This feature is dedicated to dark, existential works that disturb the reader’s foundation. For me, this is atmospheric writing with human monsters rather than otherworldly—that explore the darkness within rather than without.
So who better to feature, of course, than Ian McEwan.
McEwan was an early influence of mine, bringing a smart, lyrical sensibility to stories of depravity and darkness. He’s better known these days for his more subdued novels, but in the early days he was known for producing a twisted brand of literary dysfunction. None so dark as the offerings in his first collection of short stories, First Love, Last Rites, in particular its disturbing opening tale, “Homemade.”
It’s a touching tale of sex-crazed adolescence and a boy determined to lose his virginity. Worried he won’t be very good in bed, and that the woman he desires would lose interest, he decides to practice on his younger sister.
OK, those who haven’t read this story might think there should have been a “spoiler alert” before that last part. But what makes this story most disturbing is not the horror of the act of incest and sexual manipulation of a minor. It’s the ease with which McEwan spins the yarn—or rather the ease with which the reader assumes the voice of the narrator.
I have read this story a few times and tried to understand what makes it so troublesome, and I believe it comes down to these five elements:
Strong narration. “Homecoming” is told from the perspective of its “monster,” and this is a great example of the power of first-person narrative. With a third-person POV, it’s easy to dismiss a child rapist as a villain. But, as with much of Poe’s writing, it’s much harder to dismiss the character when you’re inside their head. The brother follows a “logical” thought process, slowly luring the reader deeper into his psychosis.
Passivity. The narrator is not the seeker of forbidden pleasures—at first. It is the narrator’s best friend who introduces him to alcohol, cigarettes, shoplifting, masturbation and, ultimately, the race toward sexual initiation that inspires him to rape his sister. He appears to be a relatively innocent and endearing kid—this is McEwan’s trap.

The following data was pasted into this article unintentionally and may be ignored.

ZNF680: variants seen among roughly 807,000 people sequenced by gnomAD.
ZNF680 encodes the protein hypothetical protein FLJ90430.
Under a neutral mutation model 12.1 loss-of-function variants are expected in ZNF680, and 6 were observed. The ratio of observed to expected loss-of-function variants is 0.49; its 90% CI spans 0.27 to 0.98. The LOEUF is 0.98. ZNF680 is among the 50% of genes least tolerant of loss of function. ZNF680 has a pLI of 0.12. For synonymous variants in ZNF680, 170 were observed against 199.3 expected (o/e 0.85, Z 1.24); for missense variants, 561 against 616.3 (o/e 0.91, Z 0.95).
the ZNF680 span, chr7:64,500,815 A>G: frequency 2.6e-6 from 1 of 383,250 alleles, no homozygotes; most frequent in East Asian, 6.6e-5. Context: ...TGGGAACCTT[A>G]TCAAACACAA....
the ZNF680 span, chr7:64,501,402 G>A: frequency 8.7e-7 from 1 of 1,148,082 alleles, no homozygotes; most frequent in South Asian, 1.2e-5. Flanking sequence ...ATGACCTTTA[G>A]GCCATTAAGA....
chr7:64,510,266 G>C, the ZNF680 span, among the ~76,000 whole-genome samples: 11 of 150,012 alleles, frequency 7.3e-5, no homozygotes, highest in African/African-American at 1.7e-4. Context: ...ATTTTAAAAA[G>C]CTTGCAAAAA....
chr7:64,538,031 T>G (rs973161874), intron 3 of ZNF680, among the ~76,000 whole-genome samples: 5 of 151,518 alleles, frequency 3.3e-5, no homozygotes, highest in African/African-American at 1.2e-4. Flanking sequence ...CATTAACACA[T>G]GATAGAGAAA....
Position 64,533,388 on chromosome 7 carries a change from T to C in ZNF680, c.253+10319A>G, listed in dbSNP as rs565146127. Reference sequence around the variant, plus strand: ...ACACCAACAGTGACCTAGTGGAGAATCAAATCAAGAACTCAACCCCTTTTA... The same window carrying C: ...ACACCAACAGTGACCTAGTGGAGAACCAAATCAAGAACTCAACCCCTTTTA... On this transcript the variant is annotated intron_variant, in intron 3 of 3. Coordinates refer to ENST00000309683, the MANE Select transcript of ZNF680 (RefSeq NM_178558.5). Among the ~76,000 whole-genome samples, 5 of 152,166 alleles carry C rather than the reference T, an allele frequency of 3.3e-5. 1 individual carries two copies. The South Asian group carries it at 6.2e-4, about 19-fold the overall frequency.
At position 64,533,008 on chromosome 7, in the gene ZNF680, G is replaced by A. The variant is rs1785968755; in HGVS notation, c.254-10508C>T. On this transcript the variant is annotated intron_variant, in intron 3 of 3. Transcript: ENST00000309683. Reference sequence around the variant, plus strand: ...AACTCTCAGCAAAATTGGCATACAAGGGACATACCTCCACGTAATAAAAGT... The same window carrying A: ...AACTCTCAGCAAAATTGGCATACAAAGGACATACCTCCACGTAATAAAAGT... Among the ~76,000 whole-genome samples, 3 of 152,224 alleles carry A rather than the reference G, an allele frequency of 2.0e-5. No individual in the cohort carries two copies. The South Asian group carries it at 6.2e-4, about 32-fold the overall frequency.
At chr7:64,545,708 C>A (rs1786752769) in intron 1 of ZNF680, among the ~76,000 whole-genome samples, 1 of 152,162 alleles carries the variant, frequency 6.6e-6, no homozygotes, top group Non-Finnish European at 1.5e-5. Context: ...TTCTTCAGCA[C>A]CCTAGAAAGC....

Normalcy. McEwan is the master at presenting the abnormal as normal, and treating evil as a continuum rather than a separate reality. He walks us through the psychological process of a regular teenager who devolves to the point that he commits incest. What makes the horror so disturbing is that it actually makes sense! (At least in the world the narrator devises.)
Unflinching. To quote Akira Kurosawa: “The role of the artist is to not look away.” McEwan never flinches as he guides us step by step through the seduction of Connie, the sister, first through childhood games and finally through play-acting “Mummies and Daddies.” It’s a very, very difficult read. Expect to do a lot of cringing.
Inevitability. There is no neck-bending reveal in “Homemade.” The narrator declares his intentions nine pages from the end, and the power of the ending is not its surprise but its inevitability. Of course it ended this way. It had to. The worst is that we’re left with no resolution, only the realization that the characters are now stuck in this world where this awful thing happened. Now what?
And isn’t that the way all unsettling fiction ends? Now what? It’s not death that’s scary. It’s the life that follows. It’s the existential anguish that cries, “How can I go on living after this?”
And this is why I’m such a fan of dark fiction. Don’t give me vapid redemption. Give me Sartre. Give me Camus. Give me Dostoyevsky. Give me McEwan. These are authors bold enough to look honestly at the world, to explore its shadowy corners, and rather than redemption, leave us with the burden of irredeemable lives. (Another great example is McEwan’s marvelous Atonement.)
“Homecoming” is one of McEwan’s many forays into incest. There was his debut novel, The Cement Garden, and much of his early work revolves around violation, usually sexual in nature (The Innocent, The Comfort of Strangers).
I highly recommend all of McEwan’s early work, but for chills on the back of your neck (and queasiness in the tummy), you can’t go wrong with “Homecoming.”
Nicely done. You made me think I might want to read a story that, frankly, by your description, another part of me doesn’t want to read at all.